The second sign means *I* or *me*.

Nowadays it sounds quite religious to sacrifice oneself, but when being dead instead surrender the “taking revenge” topic would disappear - which would probably still be more likely there when someone would choose to surrender and at the same time wants to keep the promise to be loyal & fair to his friends/country. Choosing to be fed with fish by the enemy would be a contradiction between being kind-hearted and being loyal at the same time imo.

According to the following link it´s said that Mencius was the first one who raised the 義 (Yi) to the highest level of moral :

www.cuhk.edu.hk/oal/courses/image/ias2550/PreChinConfucianism-Mencius.ppt

So maybe the moral of Yi can be seen as the main goal of life. When the righteousness is taken then the goal of life is taken and life/survival isn´t worth anything, it becomes senseless.

Not sure if I understood now more.

BTW I think when not being able to ask Mencius personally his quote will remain a matter of interpretation/”food for thought” only … :-)

Antje

Joseph Yu said...

Dear Danny,

Mencius directly relates fish and bear's palm to living and righteousness. This means we all want to live and to live with dignity. If we are to choose between to live without dignity or to die for righteousness, then we should choose the latter.

To serve in the government of the invader is to live without dignity because this means one gives up righteousness for survival.

The analogy is that a governor is given the power to take care of the citizens on behalf of the emperor. In return he lives comfortably with the salary given to him by the emperor. Now the invaders tells him either to betray his own country in exchange for a comfortable living serving the foreign regime or to die. He can keep his fishing instrument but there is no fish in the water. He will die. Or he gives up the fishing instrument but fed with fish. An honourable man will choose to die rather than to live in disgrace.

JY

Fourpillars.net said...

Dear Joseph,


I have no problem to see that's probably what Mencius meant with his saying.
Because that kind of thinking is still prevalent in certain parts of Asia.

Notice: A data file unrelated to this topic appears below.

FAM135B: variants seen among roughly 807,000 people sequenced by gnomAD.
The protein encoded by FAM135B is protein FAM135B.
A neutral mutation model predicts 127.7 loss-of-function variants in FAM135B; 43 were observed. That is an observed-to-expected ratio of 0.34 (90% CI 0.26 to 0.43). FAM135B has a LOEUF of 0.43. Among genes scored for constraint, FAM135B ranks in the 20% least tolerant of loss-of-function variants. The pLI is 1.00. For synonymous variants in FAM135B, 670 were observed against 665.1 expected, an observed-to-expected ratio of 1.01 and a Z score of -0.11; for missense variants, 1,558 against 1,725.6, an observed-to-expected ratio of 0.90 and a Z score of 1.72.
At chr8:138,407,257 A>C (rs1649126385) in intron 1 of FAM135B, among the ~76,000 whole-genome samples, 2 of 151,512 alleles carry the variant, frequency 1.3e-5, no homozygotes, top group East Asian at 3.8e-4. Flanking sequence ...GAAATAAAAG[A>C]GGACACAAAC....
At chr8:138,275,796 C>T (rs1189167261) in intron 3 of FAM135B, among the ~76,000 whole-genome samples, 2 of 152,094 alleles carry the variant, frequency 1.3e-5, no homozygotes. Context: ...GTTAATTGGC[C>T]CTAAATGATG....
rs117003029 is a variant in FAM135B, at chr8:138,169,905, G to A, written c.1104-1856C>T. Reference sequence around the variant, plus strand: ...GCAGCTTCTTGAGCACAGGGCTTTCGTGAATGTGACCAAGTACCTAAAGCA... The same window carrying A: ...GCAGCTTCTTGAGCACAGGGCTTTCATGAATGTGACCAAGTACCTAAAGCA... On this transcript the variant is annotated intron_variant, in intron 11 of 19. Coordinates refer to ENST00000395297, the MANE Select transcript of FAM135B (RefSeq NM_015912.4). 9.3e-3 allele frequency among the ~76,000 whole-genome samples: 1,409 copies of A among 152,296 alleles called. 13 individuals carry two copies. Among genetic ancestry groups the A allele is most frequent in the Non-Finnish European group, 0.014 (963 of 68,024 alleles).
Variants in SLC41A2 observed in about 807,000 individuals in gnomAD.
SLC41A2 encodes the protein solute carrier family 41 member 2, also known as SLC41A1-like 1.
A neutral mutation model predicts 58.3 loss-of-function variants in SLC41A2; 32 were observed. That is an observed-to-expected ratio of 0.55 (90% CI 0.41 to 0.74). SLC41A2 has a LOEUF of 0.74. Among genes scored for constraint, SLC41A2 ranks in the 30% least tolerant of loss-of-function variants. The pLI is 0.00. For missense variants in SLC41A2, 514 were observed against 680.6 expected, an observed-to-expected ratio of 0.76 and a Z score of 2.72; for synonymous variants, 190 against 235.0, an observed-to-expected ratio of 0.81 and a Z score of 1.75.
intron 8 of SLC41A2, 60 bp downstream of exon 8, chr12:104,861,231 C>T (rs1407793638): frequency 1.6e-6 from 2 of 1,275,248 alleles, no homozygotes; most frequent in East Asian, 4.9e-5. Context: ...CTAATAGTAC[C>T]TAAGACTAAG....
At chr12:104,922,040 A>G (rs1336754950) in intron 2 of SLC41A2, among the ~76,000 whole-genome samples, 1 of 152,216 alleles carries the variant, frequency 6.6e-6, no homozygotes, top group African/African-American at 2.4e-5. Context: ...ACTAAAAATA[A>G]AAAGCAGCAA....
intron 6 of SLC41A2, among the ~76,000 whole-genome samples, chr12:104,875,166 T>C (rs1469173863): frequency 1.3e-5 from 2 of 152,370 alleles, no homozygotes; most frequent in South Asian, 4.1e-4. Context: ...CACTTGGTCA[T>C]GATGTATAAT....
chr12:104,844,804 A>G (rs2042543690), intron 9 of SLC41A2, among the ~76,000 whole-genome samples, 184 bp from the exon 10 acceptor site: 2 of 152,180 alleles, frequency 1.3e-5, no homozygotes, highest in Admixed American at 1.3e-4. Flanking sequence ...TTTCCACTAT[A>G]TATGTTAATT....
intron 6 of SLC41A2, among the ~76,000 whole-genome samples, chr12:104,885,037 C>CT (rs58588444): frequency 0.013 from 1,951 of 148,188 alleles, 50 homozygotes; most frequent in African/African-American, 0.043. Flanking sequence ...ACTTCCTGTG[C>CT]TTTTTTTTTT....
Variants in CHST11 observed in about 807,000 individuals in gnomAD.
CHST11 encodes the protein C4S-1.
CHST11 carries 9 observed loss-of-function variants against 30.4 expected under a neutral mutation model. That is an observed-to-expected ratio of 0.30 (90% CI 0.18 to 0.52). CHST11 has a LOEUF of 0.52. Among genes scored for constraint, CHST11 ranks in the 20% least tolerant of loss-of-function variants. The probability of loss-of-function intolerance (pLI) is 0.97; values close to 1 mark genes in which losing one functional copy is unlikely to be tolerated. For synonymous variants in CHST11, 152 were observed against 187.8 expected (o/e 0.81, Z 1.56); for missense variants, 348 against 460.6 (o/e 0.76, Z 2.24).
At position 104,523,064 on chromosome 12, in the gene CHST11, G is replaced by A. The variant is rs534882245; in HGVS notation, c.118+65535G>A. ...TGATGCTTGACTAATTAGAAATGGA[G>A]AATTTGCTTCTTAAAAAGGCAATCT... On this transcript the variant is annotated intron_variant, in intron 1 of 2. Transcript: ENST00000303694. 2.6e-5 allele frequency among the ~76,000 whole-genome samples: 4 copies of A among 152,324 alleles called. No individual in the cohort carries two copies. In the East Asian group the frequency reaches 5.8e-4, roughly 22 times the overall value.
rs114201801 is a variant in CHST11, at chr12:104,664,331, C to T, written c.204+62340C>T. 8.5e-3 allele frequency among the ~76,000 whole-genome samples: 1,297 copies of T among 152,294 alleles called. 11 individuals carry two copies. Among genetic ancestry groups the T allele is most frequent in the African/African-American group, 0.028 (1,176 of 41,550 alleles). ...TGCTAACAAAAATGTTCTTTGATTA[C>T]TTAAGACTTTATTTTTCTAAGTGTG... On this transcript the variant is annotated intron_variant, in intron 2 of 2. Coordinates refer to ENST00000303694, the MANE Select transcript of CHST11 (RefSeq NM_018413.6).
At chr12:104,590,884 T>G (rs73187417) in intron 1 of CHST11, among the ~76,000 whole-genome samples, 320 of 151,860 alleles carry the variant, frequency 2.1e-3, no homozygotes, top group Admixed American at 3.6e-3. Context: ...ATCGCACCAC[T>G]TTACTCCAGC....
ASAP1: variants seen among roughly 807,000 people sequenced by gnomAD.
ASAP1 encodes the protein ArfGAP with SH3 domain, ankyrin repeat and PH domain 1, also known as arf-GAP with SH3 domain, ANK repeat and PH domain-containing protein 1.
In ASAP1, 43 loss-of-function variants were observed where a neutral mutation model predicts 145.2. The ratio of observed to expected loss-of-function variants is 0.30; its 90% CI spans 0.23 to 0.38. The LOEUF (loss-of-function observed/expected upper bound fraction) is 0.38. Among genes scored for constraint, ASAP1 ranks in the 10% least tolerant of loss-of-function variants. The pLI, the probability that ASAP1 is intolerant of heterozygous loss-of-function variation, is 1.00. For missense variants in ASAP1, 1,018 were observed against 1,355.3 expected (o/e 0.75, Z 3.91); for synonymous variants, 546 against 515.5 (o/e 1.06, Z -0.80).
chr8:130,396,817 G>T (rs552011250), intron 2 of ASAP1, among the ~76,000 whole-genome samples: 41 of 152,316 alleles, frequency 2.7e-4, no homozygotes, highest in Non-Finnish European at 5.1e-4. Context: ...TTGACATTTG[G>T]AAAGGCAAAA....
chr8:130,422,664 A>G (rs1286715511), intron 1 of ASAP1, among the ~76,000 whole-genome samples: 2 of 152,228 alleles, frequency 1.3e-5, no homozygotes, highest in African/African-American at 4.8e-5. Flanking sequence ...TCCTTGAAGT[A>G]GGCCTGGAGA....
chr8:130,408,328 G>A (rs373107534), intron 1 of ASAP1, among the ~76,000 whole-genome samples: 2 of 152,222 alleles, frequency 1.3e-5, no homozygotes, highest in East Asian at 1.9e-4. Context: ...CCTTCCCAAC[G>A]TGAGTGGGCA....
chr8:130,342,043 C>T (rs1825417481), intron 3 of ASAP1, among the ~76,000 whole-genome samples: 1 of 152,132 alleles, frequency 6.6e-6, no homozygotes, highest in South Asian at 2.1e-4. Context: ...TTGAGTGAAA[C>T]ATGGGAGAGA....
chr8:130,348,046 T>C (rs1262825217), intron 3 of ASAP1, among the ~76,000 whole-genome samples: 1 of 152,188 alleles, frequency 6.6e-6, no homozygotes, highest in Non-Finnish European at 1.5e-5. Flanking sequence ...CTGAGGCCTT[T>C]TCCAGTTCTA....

But that doesn't mean we have to accept it as a good principle.
We don't need to reintroduce the middle ages.

The problem with this kind of thinking is : who decides on what is righteous/moral?
Who or what decides what is a disgrace and what is honorable?
As we know, there are as many sets of morals as there are cultures and religions in the world.

The suicide bomber who performs a terrorist attack is also convinced that he is doing something "righteous"
He chooses to do die rather than live in the disgrace of being under the command and influence of some foreign power.
These terrorists are students of Mencius.

Or the Japanese managers whose company is taken over by another one.
They can't stand the disgrace, and do harakiri rather than see their company go in other hands and serve in the new management.
Exactly what Mencius prescribed.
But it is cowardly.
They could be using their talents on the board of the new combined company.
What's the problem?

Chinese people are overly concerned with not losing face, avoiding disgrace...
And avoiding disgrace will not rarely create even bigger disgrace down the road.
This governor, if he had any courage, would take on the difficulty and take the forced job.
That's a smaller disgrace than not trying to turn around the situation at all.
To be given a comfortable salary is not a problem.
He can give it all away to the poor and just live on a small bowl of rice as long as the occupiers remain in power.

So, this Mencius' teaching is fundamentally flawed.



Danny

Joseph Yu said...

Dear Danny,

Today of course we can agree or disagree with whatever teaching but in the old days in China, to disagree with the teaching of Confucius and Mencius was considered a mortal sin. In the early 20th Century there was the movement of "down with Confucianism" led by a group of scholars and their students in university. The movement was called 打倒孔家店.

Yes, indeed, we can now interpret the teaching of Confucius and Mencius in a more down to earth way. The way is to bring it to the level of "preferring the fishing machine to the fish" without touching the forbidden topic of loyalty and patriotism.

JY

jerome said...

Hi Danny,

Just my two cents.
An honorable man is just someone who has the sense of thinking, talking and acting accordingly with the sense of his own intrinsic value and the respect of the others. By the first one I mean seeing that his humanity is found only where he is capable of not being played by his cravings and emotions. By the second one that the consequences of his thinking, talking and acting will not harm other's humanity. How can such attitude could be the one of terrorists? They are played by there delirium and act accordingly. Both terrorists and honorable mens are capable of dying for a cause, but I dare think that the first ones are not really living with themselves and with others, they are in an imaginary world. Morality is not idealism, it is not absolute purity.It is being firmly connected to reality in a larger scale than my own limited fanciful world. Just taking account of what I am as a human, what are the others, the world as it is, and from the understanding of this globality and interdependence, doing what has to be done. To be a patriot can be done in a honorable way. So it has nothing to do with the social parade of preserving or loosing face which is indeed a cultural feature.

Best regards,
Jerome

Fourpillars.net said...

Hi Joseph,


China has certainly not been the only country in history in which it became an unforgivable sin to disagree with the accepted teachings.
In Middle Ages Europe it became a great sin to disagree with any of the official christian teachings, and even used dead punishment for those who dared to disagree or question it.